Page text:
As Lisbon's iconic 25 de Abril Bridge has recently reached its 50th anniversary – and with plans for a new tourist lift just announced – the mighty Tagus River provides the perfect channel to discover the very best of Portugal's capital. In just six stops – and one day – visitors can follow the city's history, from the ancient Belem district with its World Heritage listed monuments, through the Baixa district which was rebuilt after the 1755 earthquake through to Parque das Nações, the face of modern Lisbon.
9am >>> 25 de Abril Bridge, a golden anniversary
Last month marked the 50th anniversary of one of Lisbon's most notable landmarks, the 2,278-metre long 25 de Abril Bridge, which was inaugurated on 6th August 1966. Originally called Salazar Bridge, it was renamed after the Carnation Revolution as the 25 de Abril Bridge. The construction, which resembles the Golden Gate Bridge in San Francisco, connects the Portuguese capital to the municipality of Almada, home to the famous Christ the King statue. Plans for the construction of a new tourist lift in one of its sides have just been announced.
12pm >>> Belém, home to Lisbon's UNESCO World Heritage sites
Lisbon's two UNESCO World Heritage sites can be found in Belém: Mosteiro dos Jerónimos heralded Vasco da Gama's discovery of the sea route to India, while Torre de Belém was built to defend Lisbon's Atlantic powerhouse harbour. The area is recognised for its concentration of museums and attractions, including Museu Coleção Berardo, notable for its modern and contemporary art collection, and the recently extended Museu Nacional dos Coches. Antiga Confeitaria de Belém has been baking the famous “pasteis de Belém” using a secret recipe since 1837.
3pm >>> Baixa, a step back in time
The heart of the city, the flat Baixa district, is distinguished by imposing squares and grand buildings. Born out of the 1755 earthquake, a stroll around the area is a step back in time, with highlights including the mosaic-paved pedestrianised Terreiro do Paço square; the bird's-eye vistas from the top of Arco da Rua Augusta; the multimedia Lisboa Story Centre; and the traditional shops, where goods are often still hand-wrapped.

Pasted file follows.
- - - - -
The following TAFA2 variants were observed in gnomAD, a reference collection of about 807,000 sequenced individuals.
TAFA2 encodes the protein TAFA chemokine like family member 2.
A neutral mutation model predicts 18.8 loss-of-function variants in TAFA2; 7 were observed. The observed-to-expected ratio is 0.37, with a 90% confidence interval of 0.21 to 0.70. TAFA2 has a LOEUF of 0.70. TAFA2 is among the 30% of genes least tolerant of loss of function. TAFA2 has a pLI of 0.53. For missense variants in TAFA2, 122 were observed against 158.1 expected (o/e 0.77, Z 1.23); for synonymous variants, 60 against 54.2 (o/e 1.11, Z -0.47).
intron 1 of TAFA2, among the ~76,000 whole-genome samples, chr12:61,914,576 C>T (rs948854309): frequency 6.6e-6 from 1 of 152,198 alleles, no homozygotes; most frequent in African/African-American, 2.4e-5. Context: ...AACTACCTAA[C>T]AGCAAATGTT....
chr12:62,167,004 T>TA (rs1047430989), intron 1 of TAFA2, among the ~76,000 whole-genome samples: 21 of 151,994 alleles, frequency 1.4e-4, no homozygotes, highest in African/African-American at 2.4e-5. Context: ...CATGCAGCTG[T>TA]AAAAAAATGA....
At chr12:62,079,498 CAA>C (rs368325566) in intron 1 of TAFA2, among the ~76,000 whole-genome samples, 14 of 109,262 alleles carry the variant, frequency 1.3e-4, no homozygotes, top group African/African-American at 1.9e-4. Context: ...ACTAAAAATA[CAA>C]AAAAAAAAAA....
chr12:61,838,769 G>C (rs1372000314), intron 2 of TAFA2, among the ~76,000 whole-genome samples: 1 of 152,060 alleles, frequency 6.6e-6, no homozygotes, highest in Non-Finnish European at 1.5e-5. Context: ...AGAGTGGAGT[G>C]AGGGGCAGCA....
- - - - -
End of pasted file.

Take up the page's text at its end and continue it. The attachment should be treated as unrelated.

6pm >>> Parque das Nações, the modern side of Lisbon
Featuring striking architecture and futuristic design, the urban zone of Parque das Nações (Park of Nations) is the face of modern Lisbon. The former grounds of Expo 98, it has since been transformed into a popular commercial, residential and tourist area offering a range of activities and sights, including a cable car and a strip of waterfront restaurants. The area is home to Ciência Viva (Pavilion of Knowledge), Lisbon's science and technology museum, as well as Oceanário, Portugal's most visited tourist attraction, which was awarded last year as the World's Best Aquarium by TripAdvisor.
9pm >>> Alcântara, the hip new neighbourhood
Spread along the river, the old port district of Alcântara (from the Arabic word 'al-qantara', meaning 'bridge') began an extensive 'facelift' in the 1990s, which continues to this day. The transformed area draws weekend and evening crowds to its many restaurants, bars and nightclubs, where DJs are known to keep playing live until six in the morning; while the once-empty dockside warehouses are used by musicians, film makers, advertising agencies and web developers who are reinventing the area as a creative hub.
12am >>> Cais do Sodré, where the party is
Named after the ferry terminal that links Lisbon to Cacilhas and Almada across the Tagus, riverside Cais do Sodré was once the city's “red light district” until it was given a makeover. Today – with Rua Nova do Carvalho, painted a welcoming bright pink, giving it its nickname “Pink Street” – bohemian Cais do Sodré has reinvented itself as Lisbon's most happening nightlife neighbourhood, home to some of Lisbon's hottest bars and live music venues.